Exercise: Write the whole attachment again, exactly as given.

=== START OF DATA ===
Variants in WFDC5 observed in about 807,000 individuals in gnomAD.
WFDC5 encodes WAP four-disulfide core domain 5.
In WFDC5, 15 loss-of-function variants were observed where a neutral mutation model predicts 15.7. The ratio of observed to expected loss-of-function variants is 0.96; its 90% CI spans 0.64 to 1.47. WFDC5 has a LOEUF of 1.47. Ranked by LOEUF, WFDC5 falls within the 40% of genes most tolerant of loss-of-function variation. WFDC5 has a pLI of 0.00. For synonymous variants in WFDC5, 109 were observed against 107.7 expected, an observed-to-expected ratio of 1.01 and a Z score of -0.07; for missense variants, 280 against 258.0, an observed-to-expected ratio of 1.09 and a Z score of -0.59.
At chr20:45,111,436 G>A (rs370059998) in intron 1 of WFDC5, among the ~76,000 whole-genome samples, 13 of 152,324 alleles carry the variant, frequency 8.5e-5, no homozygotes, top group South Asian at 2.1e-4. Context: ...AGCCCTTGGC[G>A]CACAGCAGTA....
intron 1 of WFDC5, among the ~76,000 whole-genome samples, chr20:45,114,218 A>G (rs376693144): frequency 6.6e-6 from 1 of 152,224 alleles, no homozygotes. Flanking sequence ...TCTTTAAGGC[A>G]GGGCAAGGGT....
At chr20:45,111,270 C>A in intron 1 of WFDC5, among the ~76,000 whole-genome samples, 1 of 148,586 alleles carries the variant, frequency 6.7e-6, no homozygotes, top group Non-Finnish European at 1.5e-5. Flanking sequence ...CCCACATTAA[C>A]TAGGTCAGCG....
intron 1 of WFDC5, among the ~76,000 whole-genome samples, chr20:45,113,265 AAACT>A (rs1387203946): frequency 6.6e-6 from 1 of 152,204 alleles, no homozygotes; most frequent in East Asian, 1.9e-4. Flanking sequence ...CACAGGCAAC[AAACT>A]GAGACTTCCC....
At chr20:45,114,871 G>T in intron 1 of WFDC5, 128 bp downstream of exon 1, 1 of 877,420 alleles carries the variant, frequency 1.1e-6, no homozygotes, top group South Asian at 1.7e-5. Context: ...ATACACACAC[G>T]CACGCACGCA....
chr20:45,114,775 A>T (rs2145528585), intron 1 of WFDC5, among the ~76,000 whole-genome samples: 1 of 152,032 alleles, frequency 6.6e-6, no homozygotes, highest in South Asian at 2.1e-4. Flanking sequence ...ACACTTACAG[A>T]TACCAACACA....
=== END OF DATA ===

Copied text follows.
Variants in WFDC5 observed in about 807,000 individuals in gnomAD.
WFDC5 encodes WAP four-disulfide core domain 5.
In WFDC5, 15 loss-of-function variants were observed where a neutral mutation model predicts 15.7. The ratio of observed to expected loss-of-function variants is 0.96; its 90% CI spans 0.64 to 1.47. WFDC5 has a LOEUF of 1.47. Ranked by LOEUF, WFDC5 falls within the 40% of genes most tolerant of loss-of-function variation. WFDC5 has a pLI of 0.00. For synonymous variants in WFDC5, 109 were observed against 107.7 expected, an observed-to-expected ratio of 1.01 and a Z score of -0.07; for missense variants, 280 against 258.0, an observed-to-expected ratio of 1.09 and a Z score of -0.59.
At chr20:45,111,436 G>A (rs370059998) in intron 1 of WFDC5, among the ~76,000 whole-genome samples, 13 of 152,324 alleles carry the variant, frequency 8.5e-5, no homozygotes, top group South Asian at 2.1e-4. Context: ...AGCCCTTGGC[G>A]CACAGCAGTA....
intron 1 of WFDC5, among the ~76,000 whole-genome samples, chr20:45,114,218 A>G (rs376693144): frequency 6.6e-6 from 1 of 152,224 alleles, no homozygotes. Flanking sequence ...TCTTTAAGGC[A>G]GGGCAAGGGT....
At chr20:45,111,270 C>A in intron 1 of WFDC5, among the ~76,000 whole-genome samples, 1 of 148,586 alleles carries the variant, frequency 6.7e-6, no homozygotes, top group Non-Finnish European at 1.5e-5. Flanking sequence ...CCCACATTAA[C>A]TAGGTCAGCG....
intron 1 of WFDC5, among the ~76,000 whole-genome samples, chr20:45,113,265 AAACT>A (rs1387203946): frequency 6.6e-6 from 1 of 152,204 alleles, no homozygotes; most frequent in East Asian, 1.9e-4. Flanking sequence ...CACAGGCAAC[AAACT>A]GAGACTTCCC....
At chr20:45,114,871 G>T in intron 1 of WFDC5, 128 bp downstream of exon 1, 1 of 877,420 alleles carries the variant, frequency 1.1e-6, no homozygotes, top group South Asian at 1.7e-5. Context: ...ATACACACAC[G>T]CACGCACGCA....
chr20:45,114,775 A>T (rs2145528585), intron 1 of WFDC5, among the ~76,000 whole-genome samples: 1 of 152,032 alleles, frequency 6.6e-6, no homozygotes, highest in South Asian at 2.1e-4. Flanking sequence ...ACACTTACAG[A>T]TACCAACACA....